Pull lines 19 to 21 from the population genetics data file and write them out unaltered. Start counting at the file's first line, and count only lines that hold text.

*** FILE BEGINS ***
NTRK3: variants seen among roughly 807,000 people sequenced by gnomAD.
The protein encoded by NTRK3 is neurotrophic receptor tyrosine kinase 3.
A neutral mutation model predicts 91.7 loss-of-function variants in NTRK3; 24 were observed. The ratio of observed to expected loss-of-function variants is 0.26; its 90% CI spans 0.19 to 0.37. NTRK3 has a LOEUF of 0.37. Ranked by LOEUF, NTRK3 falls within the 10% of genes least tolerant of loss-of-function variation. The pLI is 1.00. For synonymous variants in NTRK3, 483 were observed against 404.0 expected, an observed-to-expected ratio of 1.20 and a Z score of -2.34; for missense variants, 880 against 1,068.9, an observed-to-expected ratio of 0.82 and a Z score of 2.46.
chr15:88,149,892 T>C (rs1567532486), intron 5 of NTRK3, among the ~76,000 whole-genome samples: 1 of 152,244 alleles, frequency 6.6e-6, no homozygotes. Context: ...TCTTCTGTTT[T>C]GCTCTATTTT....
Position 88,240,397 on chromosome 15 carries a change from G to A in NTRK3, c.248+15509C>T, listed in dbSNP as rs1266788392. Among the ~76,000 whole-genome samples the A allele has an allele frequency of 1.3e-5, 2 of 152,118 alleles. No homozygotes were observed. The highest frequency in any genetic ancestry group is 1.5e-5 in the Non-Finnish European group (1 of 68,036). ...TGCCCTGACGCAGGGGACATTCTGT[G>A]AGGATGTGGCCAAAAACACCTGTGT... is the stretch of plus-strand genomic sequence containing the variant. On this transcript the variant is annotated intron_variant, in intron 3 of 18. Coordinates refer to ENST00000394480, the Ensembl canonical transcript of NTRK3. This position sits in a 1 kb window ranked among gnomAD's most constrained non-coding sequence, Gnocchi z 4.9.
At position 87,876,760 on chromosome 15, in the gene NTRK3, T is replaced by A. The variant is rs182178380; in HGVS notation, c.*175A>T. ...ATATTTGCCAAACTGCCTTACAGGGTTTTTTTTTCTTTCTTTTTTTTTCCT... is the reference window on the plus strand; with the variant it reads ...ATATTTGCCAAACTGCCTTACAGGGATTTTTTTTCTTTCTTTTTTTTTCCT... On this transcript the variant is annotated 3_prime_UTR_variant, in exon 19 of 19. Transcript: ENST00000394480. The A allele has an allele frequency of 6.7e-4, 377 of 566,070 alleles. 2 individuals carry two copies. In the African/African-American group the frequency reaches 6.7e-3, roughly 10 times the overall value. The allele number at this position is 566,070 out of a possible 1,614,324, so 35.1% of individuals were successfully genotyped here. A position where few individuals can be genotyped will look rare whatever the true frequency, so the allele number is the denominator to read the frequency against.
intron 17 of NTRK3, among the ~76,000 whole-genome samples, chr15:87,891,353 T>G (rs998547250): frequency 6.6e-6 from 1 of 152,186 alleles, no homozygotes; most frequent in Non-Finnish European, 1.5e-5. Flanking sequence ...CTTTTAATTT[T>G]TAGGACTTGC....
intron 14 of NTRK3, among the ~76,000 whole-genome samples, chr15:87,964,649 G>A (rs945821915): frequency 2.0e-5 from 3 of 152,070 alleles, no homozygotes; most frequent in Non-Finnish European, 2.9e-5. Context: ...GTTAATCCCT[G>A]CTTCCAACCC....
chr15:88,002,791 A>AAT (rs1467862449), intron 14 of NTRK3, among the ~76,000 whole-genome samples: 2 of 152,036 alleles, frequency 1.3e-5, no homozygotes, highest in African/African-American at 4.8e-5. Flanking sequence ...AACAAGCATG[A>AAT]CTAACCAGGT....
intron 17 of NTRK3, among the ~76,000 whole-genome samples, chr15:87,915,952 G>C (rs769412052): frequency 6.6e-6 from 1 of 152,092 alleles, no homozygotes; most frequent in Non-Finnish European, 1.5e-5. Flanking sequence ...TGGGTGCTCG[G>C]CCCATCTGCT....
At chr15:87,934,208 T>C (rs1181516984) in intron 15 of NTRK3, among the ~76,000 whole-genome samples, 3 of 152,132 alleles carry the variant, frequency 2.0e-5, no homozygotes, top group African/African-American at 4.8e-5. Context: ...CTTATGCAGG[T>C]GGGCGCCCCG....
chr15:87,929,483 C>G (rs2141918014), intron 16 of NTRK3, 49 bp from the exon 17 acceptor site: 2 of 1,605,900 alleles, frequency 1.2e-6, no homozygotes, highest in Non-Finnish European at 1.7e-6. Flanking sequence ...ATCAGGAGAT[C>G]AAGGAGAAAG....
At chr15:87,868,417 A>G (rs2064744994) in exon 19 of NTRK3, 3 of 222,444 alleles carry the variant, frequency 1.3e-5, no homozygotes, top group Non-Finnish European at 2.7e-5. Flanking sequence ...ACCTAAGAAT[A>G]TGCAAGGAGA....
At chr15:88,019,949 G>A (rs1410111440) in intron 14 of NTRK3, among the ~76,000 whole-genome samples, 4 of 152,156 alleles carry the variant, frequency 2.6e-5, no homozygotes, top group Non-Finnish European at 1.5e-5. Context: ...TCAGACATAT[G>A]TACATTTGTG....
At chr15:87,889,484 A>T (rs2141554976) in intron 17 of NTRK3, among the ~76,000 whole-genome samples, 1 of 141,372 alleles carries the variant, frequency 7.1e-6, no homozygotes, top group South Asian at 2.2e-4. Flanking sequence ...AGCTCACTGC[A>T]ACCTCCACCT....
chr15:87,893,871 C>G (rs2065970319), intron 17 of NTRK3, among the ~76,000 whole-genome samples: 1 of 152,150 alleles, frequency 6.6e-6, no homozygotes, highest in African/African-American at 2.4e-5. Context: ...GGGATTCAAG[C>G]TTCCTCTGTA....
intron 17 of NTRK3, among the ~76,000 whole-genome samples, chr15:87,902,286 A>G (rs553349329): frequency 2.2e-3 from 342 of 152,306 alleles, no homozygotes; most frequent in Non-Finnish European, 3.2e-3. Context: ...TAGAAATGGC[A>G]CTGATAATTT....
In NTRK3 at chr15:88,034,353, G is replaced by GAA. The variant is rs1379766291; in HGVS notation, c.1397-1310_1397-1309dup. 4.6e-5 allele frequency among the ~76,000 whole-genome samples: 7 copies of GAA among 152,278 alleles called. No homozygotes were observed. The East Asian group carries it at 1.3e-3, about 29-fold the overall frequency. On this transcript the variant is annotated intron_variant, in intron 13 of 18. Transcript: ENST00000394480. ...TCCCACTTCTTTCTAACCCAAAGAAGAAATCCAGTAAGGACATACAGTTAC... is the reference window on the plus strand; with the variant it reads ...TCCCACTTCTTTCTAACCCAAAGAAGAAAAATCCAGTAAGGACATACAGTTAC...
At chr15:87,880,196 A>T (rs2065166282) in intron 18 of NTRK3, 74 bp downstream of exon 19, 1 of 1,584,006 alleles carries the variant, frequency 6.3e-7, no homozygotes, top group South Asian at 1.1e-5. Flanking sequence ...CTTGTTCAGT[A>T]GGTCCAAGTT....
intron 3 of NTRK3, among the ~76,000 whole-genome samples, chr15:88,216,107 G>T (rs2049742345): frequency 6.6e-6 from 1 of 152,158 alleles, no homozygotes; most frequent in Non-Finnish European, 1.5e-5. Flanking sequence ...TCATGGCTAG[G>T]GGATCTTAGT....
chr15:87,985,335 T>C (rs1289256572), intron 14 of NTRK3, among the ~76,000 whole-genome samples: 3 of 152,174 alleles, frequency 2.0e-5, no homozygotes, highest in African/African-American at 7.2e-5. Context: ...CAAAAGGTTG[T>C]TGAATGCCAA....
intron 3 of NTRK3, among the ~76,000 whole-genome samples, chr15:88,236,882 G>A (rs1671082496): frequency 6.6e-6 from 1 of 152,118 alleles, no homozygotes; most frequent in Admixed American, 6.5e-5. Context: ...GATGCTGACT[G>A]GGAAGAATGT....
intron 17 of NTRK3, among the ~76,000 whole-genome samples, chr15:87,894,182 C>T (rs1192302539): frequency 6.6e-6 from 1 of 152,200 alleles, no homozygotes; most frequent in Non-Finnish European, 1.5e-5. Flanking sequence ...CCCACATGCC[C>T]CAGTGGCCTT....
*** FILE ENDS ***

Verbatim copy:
At chr15:87,880,196 A>T (rs2065166282) in intron 18 of NTRK3, 74 bp downstream of exon 19, 1 of 1,584,006 alleles carries the variant, frequency 6.3e-7, no homozygotes, top group South Asian at 1.1e-5. Flanking sequence ...CTTGTTCAGT[A>T]GGTCCAAGTT....
intron 3 of NTRK3, among the ~76,000 whole-genome samples, chr15:88,216,107 G>T (rs2049742345): frequency 6.6e-6 from 1 of 152,158 alleles, no homozygotes; most frequent in Non-Finnish European, 1.5e-5. Flanking sequence ...TCATGGCTAG[G>T]GGATCTTAGT....
chr15:87,985,335 T>C (rs1289256572), intron 14 of NTRK3, among the ~76,000 whole-genome samples: 3 of 152,174 alleles, frequency 2.0e-5, no homozygotes, highest in African/African-American at 7.2e-5. Context: ...CAAAAGGTTG[T>C]TGAATGCCAA....